This chapter provides an assessment of the contemporary labour market context of Human Resource Management and the impact of current trends in labor market on the practices associated with Human Resource Management in relation to attraction, motivation and retention of talents.
1.2 Review of Prior Work
A labour market can be understood as the mechanism through which human labour is bought and sold as a commodity and the means by which labour demand (the number and type of available jobs) is matched with labour supply (the number and type of available workers). As such, the labour market constitutes the systematic ...view middle of the document...
For example, in seeking to retain employees the internal labour market can act as a source of motivation and contribute to a positive psychological contract, through the provision of training and development, career opportunities and good terms and conditions of employment. The operation of the internal labour market can also be understood as a device for managerial control through a process of stratification, division and the detailed allocation of roles and responsibilities. Whilst all organisations have internal labour markets of some description, the ‘classical model’ of internal labour markets Grimshaw et al., (2008) is typically associated with a very structured approach to managing the workforce. This includes limiting access to the labour market from outside the firm (often restricted to specific entry points, generally at lower levels) and recruiting to more senior jobs by internal promotion or transfer, often accompanied by in-house training. Such internal structures are notable characteristics of larger organisations which benefit from employee retention and promote the long service of employees both by providing internal opportunities for career advancement and through reducing their ability to move to another firm (for example, through limiting the development of transferable skills in favour of those related to firm-specific technologies and processes).When understood in this specific sense, then it is apparent that many firms do not operate a ‘strong’ internal labour market, especially in the extent to which they offer employees the opportunity to develop careers. In such organisations, there are limited prospects for career progression, labour turnover is considered unproblematic or unavoidable, little emphasis is placed on learning.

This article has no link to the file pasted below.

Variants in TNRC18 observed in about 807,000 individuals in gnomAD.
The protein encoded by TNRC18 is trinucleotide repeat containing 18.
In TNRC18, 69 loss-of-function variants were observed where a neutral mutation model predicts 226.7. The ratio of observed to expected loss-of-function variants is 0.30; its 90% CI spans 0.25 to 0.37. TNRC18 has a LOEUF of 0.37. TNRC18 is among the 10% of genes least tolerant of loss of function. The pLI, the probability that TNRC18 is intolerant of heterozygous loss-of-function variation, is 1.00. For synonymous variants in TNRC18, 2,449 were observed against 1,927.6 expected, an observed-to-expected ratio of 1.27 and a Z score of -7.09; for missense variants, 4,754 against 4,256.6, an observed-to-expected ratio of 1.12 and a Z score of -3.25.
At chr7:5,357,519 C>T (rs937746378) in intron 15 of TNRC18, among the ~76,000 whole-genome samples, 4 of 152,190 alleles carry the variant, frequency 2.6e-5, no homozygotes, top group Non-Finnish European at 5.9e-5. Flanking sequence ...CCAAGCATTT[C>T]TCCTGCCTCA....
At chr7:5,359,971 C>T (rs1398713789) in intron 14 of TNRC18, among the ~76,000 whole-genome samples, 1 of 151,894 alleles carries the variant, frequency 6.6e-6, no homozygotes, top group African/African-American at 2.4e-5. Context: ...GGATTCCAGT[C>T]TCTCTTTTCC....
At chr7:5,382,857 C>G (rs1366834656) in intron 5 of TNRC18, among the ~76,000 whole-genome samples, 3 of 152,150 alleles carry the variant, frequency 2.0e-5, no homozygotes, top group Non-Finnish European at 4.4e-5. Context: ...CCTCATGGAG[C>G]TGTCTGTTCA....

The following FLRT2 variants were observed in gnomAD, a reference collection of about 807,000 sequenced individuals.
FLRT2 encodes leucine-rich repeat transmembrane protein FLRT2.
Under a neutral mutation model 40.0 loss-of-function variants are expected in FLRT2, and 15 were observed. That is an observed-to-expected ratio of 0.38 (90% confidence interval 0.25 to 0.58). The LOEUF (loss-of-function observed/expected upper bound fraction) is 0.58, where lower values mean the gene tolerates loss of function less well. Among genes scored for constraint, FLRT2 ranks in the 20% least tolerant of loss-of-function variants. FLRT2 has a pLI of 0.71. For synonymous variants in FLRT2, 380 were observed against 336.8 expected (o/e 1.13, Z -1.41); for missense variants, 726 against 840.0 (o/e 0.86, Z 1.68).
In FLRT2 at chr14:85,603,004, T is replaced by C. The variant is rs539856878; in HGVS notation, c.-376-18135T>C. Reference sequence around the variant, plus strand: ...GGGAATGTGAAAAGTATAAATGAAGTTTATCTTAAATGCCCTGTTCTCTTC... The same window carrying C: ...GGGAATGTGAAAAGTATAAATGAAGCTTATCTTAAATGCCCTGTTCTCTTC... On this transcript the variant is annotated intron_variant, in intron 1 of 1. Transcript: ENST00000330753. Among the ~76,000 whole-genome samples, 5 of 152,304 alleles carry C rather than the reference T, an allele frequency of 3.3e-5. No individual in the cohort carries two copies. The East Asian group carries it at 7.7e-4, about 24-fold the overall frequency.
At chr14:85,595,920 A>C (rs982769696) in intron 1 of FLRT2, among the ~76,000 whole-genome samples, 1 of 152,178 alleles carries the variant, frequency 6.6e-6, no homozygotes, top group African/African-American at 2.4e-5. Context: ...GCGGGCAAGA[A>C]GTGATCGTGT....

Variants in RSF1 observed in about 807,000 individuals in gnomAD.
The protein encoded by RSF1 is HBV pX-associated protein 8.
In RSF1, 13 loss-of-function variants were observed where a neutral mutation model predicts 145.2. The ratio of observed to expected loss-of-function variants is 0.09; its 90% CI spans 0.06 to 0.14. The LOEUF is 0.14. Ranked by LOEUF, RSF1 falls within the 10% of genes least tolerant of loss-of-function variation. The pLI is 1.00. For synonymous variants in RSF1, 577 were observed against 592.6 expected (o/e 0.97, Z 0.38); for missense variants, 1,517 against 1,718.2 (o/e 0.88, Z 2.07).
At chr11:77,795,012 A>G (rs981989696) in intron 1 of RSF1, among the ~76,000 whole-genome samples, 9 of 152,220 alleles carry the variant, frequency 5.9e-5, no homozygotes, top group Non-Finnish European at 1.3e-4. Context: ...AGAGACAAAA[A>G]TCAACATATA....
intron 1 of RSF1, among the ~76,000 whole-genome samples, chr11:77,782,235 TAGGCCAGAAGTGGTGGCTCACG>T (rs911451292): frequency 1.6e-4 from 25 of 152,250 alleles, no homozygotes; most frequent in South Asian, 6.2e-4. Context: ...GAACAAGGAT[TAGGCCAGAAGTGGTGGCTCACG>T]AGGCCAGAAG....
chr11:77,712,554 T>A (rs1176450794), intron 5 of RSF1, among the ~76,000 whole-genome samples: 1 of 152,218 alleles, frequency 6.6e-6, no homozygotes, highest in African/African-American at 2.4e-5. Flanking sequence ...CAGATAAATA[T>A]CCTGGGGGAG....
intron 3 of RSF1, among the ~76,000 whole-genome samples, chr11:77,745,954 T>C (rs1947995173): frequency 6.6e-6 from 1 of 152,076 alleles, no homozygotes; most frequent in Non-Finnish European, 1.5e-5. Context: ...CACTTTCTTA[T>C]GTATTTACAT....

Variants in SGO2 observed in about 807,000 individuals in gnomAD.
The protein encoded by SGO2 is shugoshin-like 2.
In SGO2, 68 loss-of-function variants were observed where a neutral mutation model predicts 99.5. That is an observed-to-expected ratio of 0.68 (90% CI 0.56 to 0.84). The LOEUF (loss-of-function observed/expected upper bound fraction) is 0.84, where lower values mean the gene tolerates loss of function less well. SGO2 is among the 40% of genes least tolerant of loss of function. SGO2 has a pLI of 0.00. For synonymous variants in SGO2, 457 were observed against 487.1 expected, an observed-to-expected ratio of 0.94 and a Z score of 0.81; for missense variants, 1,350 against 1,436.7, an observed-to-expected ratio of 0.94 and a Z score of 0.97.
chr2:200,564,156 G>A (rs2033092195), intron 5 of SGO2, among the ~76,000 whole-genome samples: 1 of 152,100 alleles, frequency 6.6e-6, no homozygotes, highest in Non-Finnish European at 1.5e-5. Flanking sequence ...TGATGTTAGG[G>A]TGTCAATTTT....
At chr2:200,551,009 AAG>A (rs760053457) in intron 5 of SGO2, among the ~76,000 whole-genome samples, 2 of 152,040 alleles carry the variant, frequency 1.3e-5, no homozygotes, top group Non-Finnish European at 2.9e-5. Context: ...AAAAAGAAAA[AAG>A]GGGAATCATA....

1.3 Literature review of the Study
The Kenya higher education (HE) system has undergone a major transformation over the past two to three decades from a system that catered for a limited number of entrants in the late 1960s and early 1970s (approximately 6 per cent of school leavers) to one that now aims to provide tertiary education to half the population of 18-year-olds. The shift from an elite to a mass higher education system has been viewed by successive governments as the principal mechanism by which to create an adequate supply of highly qualified workers to fill the expanding number of ‘high-skill’ jobs in the economy (Keep and Mayhew, 2004), encouraged by employers who claim that more graduates are needed for Kenya organisations to remain competitive. However, employers have responded to the increased supply of graduate labour in a number of ways, not all of them in line with their calls for a more highly qualified labour supply. Some have created new or modified existing roles to take advantage of the supply of graduates and a number of studies have highlighted the...